Rules on lo­cal govt debts to be rewrit­ten

China Daily (Hong Kong) - - BUSINESS - By ZHENG YANGPENG zhengyang­peng@ chi­

The Min­istry of Fi­nance has be­gun draft­ing rules for lo­cal gov­ern­ments’ debt regime, a task that is ex­pected to be com­pleted no late than the end of next year. Hav­ing a sys­tem to match lo­cal govern­ment debt — which could in­crease by 30 tril­lion yuan ($ 4.9 tril­lion) from now to 2020 — with de­vel­op­ment needs is an indis­pens­able part of the na­tional pro­gram to speed ur­ban­iza­tion, ac­cord­ing to fi­nan­cial spe­cial­ists close to the min­istry.

Without reg­u­la­tions or stan­dards for mu­nic­i­pal-level debt fi­nanc­ing, it will be hard for the mar­ket to play a role in al­lo­cat­ing the re­sources needed by China’s many fast-de­vel­op­ing cities, they said.

“The Fi­nance Min­istry is busy com­plet­ing the task, and we are con­tribut­ing in­put,” said Guan Jianzhong, chair­man of the Bei­jing-based Dagong Global Credit Rat­ing Co Ltd.

“The sys­tem should be ready soon, prob­a­bly no later than by the end of next year. What­ever the cen­tral govern­ment is de­ter­mined to have, it can build rather quickly,” Guan added.

A com­plete govern­ment debt regime would re­quire lo­cal gov­ern­ments to not only is­sue debt in­de­pen­dently but also to create bal­ance sheets, file pub­lic fi­nan­cial re­ports and work with credit-rat­ing ser­vices, Guan said.

But it would be risky to open the flood­gates to lo­cal govern­ment fundrais­ing ac­tiv­i­ties be­fore the reg­u­la­tory frame­work is ready, he said.

Build­ing the debt regime fol­lows the re­form ham­mered out by China’s lead­ers at the re­cently com­pleted Third Plenum of the 18th Cen­tral Com­mit­tee of the Com­mu­nist Party of China.

The plan al­lows lo­cal gov­ern­ments to broaden fi­nanc­ing “through var­i­ous ways” that in­clude is­su­ing bonds.

It also prom­ises, without giv­ing a timetable, to set up a “well-reg­u­lated sys­tem” for man­ag­ing lo­cal govern­ment debt and warn­ing of risks.

If they are all im­ple­mented, the changes rep­re­sent a mo­men­tous shift from China’s his­toric ef­forts to “con­tain” lo­cal govern­ment debt to “chan­nel­ing” them in an or­derly way, fi­nan­cial spe­cial­ists said.

It ba­si­cally ac­knowl­edges lo­cal gov­ern­ments’ right to in­cur debt, al­though the na­tion’s cur­rent bud­get laws still ban them from deficit fi­nanc­ing and bond is­su­ing.

To cir­cum­vent the ban, lo­cal gov­ern­ments of­ten bor­row heav­ily through so-called “lo­cal govern­ment fi­nan­cial

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The Fi­nance Min­istry is busy com­plet­ing the task, and we are con­tribut­ing in­put.” GUAN JIANZHONG CHAIR­MAN OF DAGONG GLOBAL CREDIT RAT­ING CO LTD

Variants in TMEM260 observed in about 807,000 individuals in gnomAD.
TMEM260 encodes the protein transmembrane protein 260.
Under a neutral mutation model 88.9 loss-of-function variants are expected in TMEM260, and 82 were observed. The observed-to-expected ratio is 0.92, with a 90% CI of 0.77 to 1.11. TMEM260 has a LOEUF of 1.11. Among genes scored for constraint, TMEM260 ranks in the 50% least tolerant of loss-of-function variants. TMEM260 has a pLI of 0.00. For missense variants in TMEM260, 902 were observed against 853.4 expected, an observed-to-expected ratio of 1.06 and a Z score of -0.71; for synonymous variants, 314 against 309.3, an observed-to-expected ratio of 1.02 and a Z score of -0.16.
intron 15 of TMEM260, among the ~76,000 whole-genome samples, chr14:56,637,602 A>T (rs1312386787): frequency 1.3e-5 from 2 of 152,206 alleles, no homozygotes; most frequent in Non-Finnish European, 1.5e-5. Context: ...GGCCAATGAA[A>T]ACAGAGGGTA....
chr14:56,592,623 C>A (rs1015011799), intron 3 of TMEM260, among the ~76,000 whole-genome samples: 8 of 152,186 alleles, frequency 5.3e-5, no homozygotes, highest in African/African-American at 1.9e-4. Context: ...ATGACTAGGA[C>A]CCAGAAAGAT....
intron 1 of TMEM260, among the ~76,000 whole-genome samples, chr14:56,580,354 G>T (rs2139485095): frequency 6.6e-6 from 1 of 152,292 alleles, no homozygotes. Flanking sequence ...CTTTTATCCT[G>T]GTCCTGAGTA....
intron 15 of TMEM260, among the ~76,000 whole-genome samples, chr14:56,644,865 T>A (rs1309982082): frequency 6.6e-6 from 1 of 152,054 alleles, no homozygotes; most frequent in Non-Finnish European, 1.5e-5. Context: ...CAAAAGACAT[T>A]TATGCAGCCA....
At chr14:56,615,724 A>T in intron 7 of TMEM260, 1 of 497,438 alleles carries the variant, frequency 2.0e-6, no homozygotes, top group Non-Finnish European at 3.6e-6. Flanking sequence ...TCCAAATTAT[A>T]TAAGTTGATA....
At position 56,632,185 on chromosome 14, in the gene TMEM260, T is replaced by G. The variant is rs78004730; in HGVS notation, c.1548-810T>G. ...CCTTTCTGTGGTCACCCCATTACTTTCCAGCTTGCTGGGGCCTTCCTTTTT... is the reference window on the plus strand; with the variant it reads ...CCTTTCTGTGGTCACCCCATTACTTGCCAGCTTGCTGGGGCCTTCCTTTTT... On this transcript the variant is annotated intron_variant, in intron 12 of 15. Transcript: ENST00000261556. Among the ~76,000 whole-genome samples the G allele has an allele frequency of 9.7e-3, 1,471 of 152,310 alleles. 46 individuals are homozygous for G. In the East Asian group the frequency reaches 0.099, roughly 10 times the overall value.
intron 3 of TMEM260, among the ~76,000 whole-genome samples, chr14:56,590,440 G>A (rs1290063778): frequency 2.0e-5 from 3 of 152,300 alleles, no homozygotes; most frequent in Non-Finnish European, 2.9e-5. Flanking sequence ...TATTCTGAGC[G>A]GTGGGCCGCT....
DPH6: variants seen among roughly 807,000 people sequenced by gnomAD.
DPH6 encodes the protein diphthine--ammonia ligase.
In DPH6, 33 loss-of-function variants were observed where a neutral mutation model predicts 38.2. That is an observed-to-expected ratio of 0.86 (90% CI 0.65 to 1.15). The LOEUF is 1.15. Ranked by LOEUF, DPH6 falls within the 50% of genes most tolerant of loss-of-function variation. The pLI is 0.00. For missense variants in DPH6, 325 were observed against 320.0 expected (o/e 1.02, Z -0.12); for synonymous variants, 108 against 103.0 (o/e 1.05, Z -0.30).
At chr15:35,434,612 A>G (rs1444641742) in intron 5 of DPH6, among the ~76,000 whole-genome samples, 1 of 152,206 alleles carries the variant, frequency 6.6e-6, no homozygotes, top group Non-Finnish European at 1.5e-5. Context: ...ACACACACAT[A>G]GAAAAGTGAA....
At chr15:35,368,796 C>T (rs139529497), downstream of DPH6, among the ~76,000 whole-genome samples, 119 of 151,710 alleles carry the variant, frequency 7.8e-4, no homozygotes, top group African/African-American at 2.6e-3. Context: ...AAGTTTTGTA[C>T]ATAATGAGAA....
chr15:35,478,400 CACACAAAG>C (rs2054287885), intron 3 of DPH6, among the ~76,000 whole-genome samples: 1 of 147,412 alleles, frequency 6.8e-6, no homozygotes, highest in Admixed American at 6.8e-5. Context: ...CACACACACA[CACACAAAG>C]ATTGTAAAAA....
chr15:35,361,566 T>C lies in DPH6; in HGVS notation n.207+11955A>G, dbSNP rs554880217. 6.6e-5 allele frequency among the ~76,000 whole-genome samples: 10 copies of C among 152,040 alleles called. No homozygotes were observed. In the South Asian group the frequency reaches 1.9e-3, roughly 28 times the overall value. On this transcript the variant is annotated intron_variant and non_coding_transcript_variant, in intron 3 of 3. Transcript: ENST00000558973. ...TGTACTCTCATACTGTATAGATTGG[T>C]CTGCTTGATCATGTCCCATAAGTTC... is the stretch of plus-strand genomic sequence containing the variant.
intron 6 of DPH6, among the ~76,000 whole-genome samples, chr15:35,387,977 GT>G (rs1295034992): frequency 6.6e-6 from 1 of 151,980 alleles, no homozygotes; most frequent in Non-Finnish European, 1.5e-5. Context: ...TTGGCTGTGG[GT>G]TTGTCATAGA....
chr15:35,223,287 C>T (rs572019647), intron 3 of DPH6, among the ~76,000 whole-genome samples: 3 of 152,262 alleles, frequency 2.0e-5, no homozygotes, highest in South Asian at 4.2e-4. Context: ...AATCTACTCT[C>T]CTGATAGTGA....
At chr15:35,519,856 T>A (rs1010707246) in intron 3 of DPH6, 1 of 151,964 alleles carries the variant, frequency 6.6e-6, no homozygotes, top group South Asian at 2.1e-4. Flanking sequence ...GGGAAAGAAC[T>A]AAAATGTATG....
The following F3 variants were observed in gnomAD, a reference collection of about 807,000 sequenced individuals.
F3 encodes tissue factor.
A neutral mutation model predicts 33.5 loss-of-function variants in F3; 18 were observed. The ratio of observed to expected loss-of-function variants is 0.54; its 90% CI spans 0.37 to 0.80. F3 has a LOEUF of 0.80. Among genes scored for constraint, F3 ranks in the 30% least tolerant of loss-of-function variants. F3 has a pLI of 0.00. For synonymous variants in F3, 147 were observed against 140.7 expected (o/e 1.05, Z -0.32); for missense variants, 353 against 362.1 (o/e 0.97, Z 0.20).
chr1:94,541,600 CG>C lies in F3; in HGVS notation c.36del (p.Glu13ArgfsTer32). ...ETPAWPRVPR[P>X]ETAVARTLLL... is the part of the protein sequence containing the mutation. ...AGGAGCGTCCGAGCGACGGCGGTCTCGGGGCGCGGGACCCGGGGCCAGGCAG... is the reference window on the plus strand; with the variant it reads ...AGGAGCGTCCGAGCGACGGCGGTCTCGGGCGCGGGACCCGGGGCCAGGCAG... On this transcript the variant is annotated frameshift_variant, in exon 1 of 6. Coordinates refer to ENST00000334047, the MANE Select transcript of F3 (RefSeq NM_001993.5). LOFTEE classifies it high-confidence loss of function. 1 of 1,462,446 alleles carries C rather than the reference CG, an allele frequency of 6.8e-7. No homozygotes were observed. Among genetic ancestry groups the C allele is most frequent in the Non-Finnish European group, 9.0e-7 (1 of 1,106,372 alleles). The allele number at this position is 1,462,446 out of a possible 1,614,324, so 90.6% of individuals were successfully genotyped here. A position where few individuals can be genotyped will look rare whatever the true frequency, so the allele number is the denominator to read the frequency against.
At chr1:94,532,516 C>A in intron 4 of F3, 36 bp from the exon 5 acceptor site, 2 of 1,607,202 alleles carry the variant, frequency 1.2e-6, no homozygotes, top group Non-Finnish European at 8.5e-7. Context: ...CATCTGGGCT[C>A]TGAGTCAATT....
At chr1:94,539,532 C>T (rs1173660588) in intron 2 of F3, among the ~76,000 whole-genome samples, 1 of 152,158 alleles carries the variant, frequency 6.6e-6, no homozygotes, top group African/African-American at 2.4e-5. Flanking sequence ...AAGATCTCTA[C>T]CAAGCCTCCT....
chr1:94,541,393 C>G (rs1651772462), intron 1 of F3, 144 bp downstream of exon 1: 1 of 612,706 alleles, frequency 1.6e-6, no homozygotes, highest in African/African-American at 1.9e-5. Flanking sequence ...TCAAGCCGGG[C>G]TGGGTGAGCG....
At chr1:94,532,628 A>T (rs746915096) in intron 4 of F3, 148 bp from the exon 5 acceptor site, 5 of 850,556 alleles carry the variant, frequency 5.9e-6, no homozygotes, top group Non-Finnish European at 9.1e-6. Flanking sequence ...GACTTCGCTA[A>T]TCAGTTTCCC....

ve­hi­cles”. But such LGFVs, un­der the lo­cal gov­ern­ments’ di­rect su­per­vi­sion, of­ten are ill-man­aged and breed crony­ism, ex­perts say. With no rule re­quir­ing them to be fi­nan­cially trans­par­ent, the debts raised by these LGFVs have bal­looned in re­cent years. Mar­ket es­ti­mates of the to­tal debt vary be­tween 15 tril­lion and 25 tril­lion yuan.

In July, the Na­tional Au­dit Of­fice was or­dered to con­duct a na­tion­wide au­dit of lo­cal govern­ment debt.

While the re­sults have yet to be re­leased, sev­eral se­nior of­fi­cials said re­cently that the risk of lo­cal govern­ment debt is “un­der con­trol”, sug­gest­ing that the to­tal debt falls within the cen­tral govern­ment’s ac­cept­able level.

But “au­dit­ing is not a so­lu­tion,” Guan said. “Al­though we know how much they’ve bor­rowed, that doesn’t re­flect whether they can re­pay their debts or not.”

As a nec­es­sary step, the na­tional govern­ment debt regime must in­clude qual­i­fied credit rat­ing agen­cies, he said. “They play a role that the au­dit of­fice can­not re­place.”

A bet­ter so­lu­tion, af­ter the au­dit re­sult is dis­closed, is to have a debt man­age­ment sys­tem in which re­sults can be re­ported on a daily ba­sis, ex­perts said.

“China’s ur­ban­iza­tion drive will have a huge fi­nanc­ing de­mand for con­struc­tion of in­fra­struc­ture, farm­land and wa­ter con­ser­van­cies, af­ford­able hous­ing, tourism de­vel­op­ment and so on. Un­der the cur­rent fis­cal sys­tem, lo­cal rev­enue is far from enough,” said Li Xiaopeng, a re­search fel­low with the Ur­ban China Ini­tia­tive, a joint ini­tia­tive led by Columbia Univer­sity, the School of Pub­lic Pol­icy and Man­age­ment at Ts­inghua Univer­sity in Bei­jing and McK­in­sey & Co.

A re­cent study by UCI sug­gested that the cen­tral govern­ment should first ac­knowl­edge the le­git­i­macy of lo­cal gov­ern­ments’ li­a­bil­i­ties and their rights to guar­an­tee. Then lo­cal gov­ern­ments should re­port their debt au­dit re­sults on a reg­u­lar ba­sis, and the cen­tral govern­ment should im­pose a ceil­ing for each prov­ince’s to­tal debt.

Con­sult­ing on the re­port were Na­tional De­vel­op­ment and Re­form Com­mis­sion of­fi­cials.

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